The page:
“Flow” by Olivia Kuser
Last year Mum added me to the mailing list of The Community of the Sisters of the Love of God and a couple of weeks ago their latest newsletter, Fairacres Chronicle, arrived. In it there is a wonderfully thought-provoking article entitled “The Surprising Love of God” by The Archbishop of Canterbury, The Most Revd Dr Rowan Williams, from a talk he gave at the community’s Centenary Day celebrations in September.
The Surprising Love of God
Reading: Galatians 2:19 – 13; 3:13-14; 6:14-16; including:
“Christ redeemed us from the curse of the law by becoming a curse for us-for it is written, ‘Cursed is everyone who hangs on a tree’-in order that in Christ Jesus the blessing of Abraham might come to the Gentiles, so that we might receive the promise of the Spirit through faith … May I never boast of anything except the cross of our Lord Jesus Christ, by which the world has been crucified to me, and I to the world.”
Christ redeemed us by becoming accursed, says St Paul. Christ redeemed us by going to the place where everyone was sure God was not, and everything in the Letter to the Galatians hangs on that single-though I cannot call it simple-confession. The love of God is love that goes where God is not supposed to be, where God is not imagined or conceived to be.
Love, we may often think, is free and gratuitous, and yet in most of our human relations, it rather tends to go where it is expected or returned or where it makes sense. God’s love is recognizable precisely as that love which goes where it has no business to go and which lives, blossoms and acts in the place of the curse, in the place where God is forgotten.
When St Paul writes about what does and does not justify us, set us right with God, he is reminding us that anything less than this vision of the God who redeems us through the accursed body of Jesus on the tree is likely simply to be a more or less sophisticated way of telling ourselves that at the end of the day, we deserve to be loved; that is to say, that we have a contract with God. St Paul wants us to believe both that it is utterly, absolutely, eternally, divinely natural that we are loved, because God is God, and that it is not divinely, naturally, the case that we are loved, because we are who we are.
St Paul walks that particular tightrope in all his letters, trying to save us from the twin abysses of despair and complacency. It is very much what justification by faith is all about; recognizing the love that is God’s love, because it goes where it is not expected. And whether we think we are a place where God’s love is to be expected because we are good, or whether we think we are a place where God’s love could never be expected because we are bad, St Paul drives a coach and horses through both these errors. God is God, and the love of God is the love that goes where you don’t expect.
… And so, when St Paul says ‘God forbid that I should boast except in the cross of Christ’, I believe what he is saying is that he wants to be simply a place where the love of God in the cross is made visible — that is, the unexpectedness of God’s love being the place of the curse.
Paul doesn’t say, ‘My credentials are my learning, my energy’, and happily he doesn’t say, ‘My credentials are my niceness and easiness of temperament’ either, because that would be extremely implausible from what we know about St Paul! He does say that he will boast in the cross, because he has been called simply to be that place where the unexpected love of God comes alive.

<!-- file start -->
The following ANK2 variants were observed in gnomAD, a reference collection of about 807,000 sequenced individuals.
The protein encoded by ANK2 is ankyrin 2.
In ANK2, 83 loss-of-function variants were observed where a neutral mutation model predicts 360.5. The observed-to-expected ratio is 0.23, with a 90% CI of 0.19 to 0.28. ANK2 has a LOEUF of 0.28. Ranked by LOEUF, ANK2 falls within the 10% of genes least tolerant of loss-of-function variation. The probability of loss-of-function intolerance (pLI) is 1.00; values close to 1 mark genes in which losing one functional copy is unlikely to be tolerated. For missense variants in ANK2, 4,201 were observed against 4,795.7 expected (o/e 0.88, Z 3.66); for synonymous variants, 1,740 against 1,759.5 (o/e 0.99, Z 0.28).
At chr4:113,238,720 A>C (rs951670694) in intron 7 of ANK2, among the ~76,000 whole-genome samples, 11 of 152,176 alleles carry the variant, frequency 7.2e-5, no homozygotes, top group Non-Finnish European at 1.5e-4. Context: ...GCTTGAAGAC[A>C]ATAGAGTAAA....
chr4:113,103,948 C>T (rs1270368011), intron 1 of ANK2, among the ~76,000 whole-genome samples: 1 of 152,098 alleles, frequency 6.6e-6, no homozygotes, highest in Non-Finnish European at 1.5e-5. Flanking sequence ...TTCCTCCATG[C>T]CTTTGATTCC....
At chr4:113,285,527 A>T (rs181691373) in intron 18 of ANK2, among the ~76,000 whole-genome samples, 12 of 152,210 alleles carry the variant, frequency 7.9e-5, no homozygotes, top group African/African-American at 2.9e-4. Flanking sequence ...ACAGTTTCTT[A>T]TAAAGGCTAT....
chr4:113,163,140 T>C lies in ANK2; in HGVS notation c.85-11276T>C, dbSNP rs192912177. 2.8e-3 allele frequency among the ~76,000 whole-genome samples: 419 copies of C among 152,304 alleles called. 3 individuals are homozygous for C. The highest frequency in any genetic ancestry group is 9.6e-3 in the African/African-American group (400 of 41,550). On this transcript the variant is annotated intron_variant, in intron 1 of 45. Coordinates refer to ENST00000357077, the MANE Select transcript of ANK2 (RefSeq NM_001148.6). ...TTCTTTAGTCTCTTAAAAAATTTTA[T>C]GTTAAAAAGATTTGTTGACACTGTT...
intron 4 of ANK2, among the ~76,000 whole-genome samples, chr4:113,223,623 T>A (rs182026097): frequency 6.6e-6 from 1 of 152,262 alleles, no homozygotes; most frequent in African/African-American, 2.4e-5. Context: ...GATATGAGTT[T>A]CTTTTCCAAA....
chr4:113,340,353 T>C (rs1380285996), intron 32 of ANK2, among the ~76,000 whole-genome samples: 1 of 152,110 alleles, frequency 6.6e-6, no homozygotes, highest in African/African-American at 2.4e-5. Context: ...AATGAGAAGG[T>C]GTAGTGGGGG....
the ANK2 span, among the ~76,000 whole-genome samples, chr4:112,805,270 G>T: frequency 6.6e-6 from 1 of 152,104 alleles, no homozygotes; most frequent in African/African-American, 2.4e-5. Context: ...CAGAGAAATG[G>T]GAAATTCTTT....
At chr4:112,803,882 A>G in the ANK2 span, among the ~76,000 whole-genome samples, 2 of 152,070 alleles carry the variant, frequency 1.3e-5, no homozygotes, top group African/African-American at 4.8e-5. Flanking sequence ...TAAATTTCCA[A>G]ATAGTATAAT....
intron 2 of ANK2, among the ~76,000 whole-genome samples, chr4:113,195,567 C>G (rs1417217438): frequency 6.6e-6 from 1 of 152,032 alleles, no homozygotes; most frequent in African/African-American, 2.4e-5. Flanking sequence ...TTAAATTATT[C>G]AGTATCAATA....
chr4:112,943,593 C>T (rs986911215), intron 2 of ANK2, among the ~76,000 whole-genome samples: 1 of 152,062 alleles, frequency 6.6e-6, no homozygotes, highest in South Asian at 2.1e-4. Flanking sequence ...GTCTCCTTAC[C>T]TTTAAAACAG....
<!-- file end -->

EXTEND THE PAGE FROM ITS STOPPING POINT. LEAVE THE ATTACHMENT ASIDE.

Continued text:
… It is not an easy time for this Community, or for any community — we are all aware of that — but that is, at the very least, a good moment to celebrate the God of surprises and the God whose love lives in unexpected places, and the God whose love seeks nothing more than to be in the place where everyone thinks it is not — in our hearts or in the world. So may God strengthen the purpose and resolve of this Community, called to be under his cross, boasting in his cross. May God strengthen the resolve of every one of us to be witnesses to that God who will not be confined by any expectation or any law, but who will obstinately and relentlessly go where he is not expected. and even where he is not invited, because he is who he is; and he is eternal, burning, unqualified love.
Archbishop Rowan Williams at Fairacres, Vespers of the Feast of the Holy Cross, 14 September 2006 (Centenary Day).
I find in these words of Dr Williams’ that I am both encouraged and challenged. Encouraged that God is not confined only to those places where he is expected to be, and challenged to demonstrate the love of God more effectively in these places.
As this year draws to an end I find myself pondering the journey I have travelled in these last twelve months; at the time I often felt that I was simply putting one foot in front of the next, but looking back I can see that I’ve come some distance. I’ve found myself asking again why I moved out of parish ministry: have I made a mistake or have I been obediently following God? Have I been running away or running towards God? I’m not sure that I have an answer that is truly satisfactory, at least at this stage but with so many doors opening and the path to where I currently am having been travelled so effortlessly I can’t but conclude that I am where God wants me to be. At least for now.
One of the many reasons that I stepped out of the parish setup was to step out into the unknown, out into the place where God is not believed to be. It may be comforting to confine God to the church building and to be the property of the faithful, but God is bigger than that.
Where will God lead me next? I don’t know. But I do know that 2007 will be an exciting adventure with God as he leads me deeper into his surprising love and both allows and enables me to share that with others.
Happy New Year folks and thanks for sharing part of the journey with me.